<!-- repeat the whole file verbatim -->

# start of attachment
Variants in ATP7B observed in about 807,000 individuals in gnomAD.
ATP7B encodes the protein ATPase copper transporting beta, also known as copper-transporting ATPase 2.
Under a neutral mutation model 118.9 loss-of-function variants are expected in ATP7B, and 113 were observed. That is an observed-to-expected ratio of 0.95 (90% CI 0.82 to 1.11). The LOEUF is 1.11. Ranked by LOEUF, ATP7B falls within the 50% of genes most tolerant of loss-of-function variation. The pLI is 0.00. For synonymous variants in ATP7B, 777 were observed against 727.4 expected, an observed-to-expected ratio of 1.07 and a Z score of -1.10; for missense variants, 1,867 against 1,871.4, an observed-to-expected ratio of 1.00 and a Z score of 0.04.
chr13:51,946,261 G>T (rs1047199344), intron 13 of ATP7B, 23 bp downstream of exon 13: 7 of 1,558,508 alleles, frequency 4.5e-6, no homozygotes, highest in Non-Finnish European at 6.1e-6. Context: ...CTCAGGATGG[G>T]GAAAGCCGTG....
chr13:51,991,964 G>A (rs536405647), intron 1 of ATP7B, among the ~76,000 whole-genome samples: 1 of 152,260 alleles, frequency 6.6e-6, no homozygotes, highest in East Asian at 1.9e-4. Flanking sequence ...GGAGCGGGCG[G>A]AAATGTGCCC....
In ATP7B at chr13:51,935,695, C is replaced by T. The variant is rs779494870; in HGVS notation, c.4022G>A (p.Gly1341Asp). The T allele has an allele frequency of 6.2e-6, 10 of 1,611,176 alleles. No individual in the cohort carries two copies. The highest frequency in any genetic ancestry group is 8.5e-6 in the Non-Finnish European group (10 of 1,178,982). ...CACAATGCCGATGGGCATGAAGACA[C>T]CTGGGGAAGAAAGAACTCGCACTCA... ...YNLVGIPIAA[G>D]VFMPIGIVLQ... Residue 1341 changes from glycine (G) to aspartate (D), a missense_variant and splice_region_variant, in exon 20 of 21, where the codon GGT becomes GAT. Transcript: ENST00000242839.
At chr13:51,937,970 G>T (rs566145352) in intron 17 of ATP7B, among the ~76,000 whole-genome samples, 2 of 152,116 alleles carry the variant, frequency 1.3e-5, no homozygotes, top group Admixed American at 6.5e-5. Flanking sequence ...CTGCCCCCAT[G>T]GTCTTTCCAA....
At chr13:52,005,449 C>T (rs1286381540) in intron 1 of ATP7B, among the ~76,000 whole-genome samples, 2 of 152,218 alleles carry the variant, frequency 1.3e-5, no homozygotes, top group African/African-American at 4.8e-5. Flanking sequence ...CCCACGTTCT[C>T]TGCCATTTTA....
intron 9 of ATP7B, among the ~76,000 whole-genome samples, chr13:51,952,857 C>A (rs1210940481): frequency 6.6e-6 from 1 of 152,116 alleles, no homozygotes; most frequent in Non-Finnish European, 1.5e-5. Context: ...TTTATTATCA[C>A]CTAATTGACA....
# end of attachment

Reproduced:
Variants in ATP7B observed in about 807,000 individuals in gnomAD.
ATP7B encodes the protein ATPase copper transporting beta, also known as copper-transporting ATPase 2.
Under a neutral mutation model 118.9 loss-of-function variants are expected in ATP7B, and 113 were observed. That is an observed-to-expected ratio of 0.95 (90% CI 0.82 to 1.11). The LOEUF is 1.11. Ranked by LOEUF, ATP7B falls within the 50% of genes most tolerant of loss-of-function variation. The pLI is 0.00. For synonymous variants in ATP7B, 777 were observed against 727.4 expected, an observed-to-expected ratio of 1.07 and a Z score of -1.10; for missense variants, 1,867 against 1,871.4, an observed-to-expected ratio of 1.00 and a Z score of 0.04.
chr13:51,946,261 G>T (rs1047199344), intron 13 of ATP7B, 23 bp downstream of exon 13: 7 of 1,558,508 alleles, frequency 4.5e-6, no homozygotes, highest in Non-Finnish European at 6.1e-6. Context: ...CTCAGGATGG[G>T]GAAAGCCGTG....
chr13:51,991,964 G>A (rs536405647), intron 1 of ATP7B, among the ~76,000 whole-genome samples: 1 of 152,260 alleles, frequency 6.6e-6, no homozygotes, highest in East Asian at 1.9e-4. Flanking sequence ...GGAGCGGGCG[G>A]AAATGTGCCC....
In ATP7B at chr13:51,935,695, C is replaced by T. The variant is rs779494870; in HGVS notation, c.4022G>A (p.Gly1341Asp). The T allele has an allele frequency of 6.2e-6, 10 of 1,611,176 alleles. No individual in the cohort carries two copies. The highest frequency in any genetic ancestry group is 8.5e-6 in the Non-Finnish European group (10 of 1,178,982). ...CACAATGCCGATGGGCATGAAGACA[C>T]CTGGGGAAGAAAGAACTCGCACTCA... ...YNLVGIPIAA[G>D]VFMPIGIVLQ... Residue 1341 changes from glycine (G) to aspartate (D), a missense_variant and splice_region_variant, in exon 20 of 21, where the codon GGT becomes GAT. Transcript: ENST00000242839.
At chr13:51,937,970 G>T (rs566145352) in intron 17 of ATP7B, among the ~76,000 whole-genome samples, 2 of 152,116 alleles carry the variant, frequency 1.3e-5, no homozygotes, top group Admixed American at 6.5e-5. Flanking sequence ...CTGCCCCCAT[G>T]GTCTTTCCAA....
At chr13:52,005,449 C>T (rs1286381540) in intron 1 of ATP7B, among the ~76,000 whole-genome samples, 2 of 152,218 alleles carry the variant, frequency 1.3e-5, no homozygotes, top group African/African-American at 4.8e-5. Flanking sequence ...CCCACGTTCT[C>T]TGCCATTTTA....
intron 9 of ATP7B, among the ~76,000 whole-genome samples, chr13:51,952,857 C>A (rs1210940481): frequency 6.6e-6 from 1 of 152,116 alleles, no homozygotes; most frequent in Non-Finnish European, 1.5e-5. Context: ...TTTATTATCA[C>A]CTAATTGACA....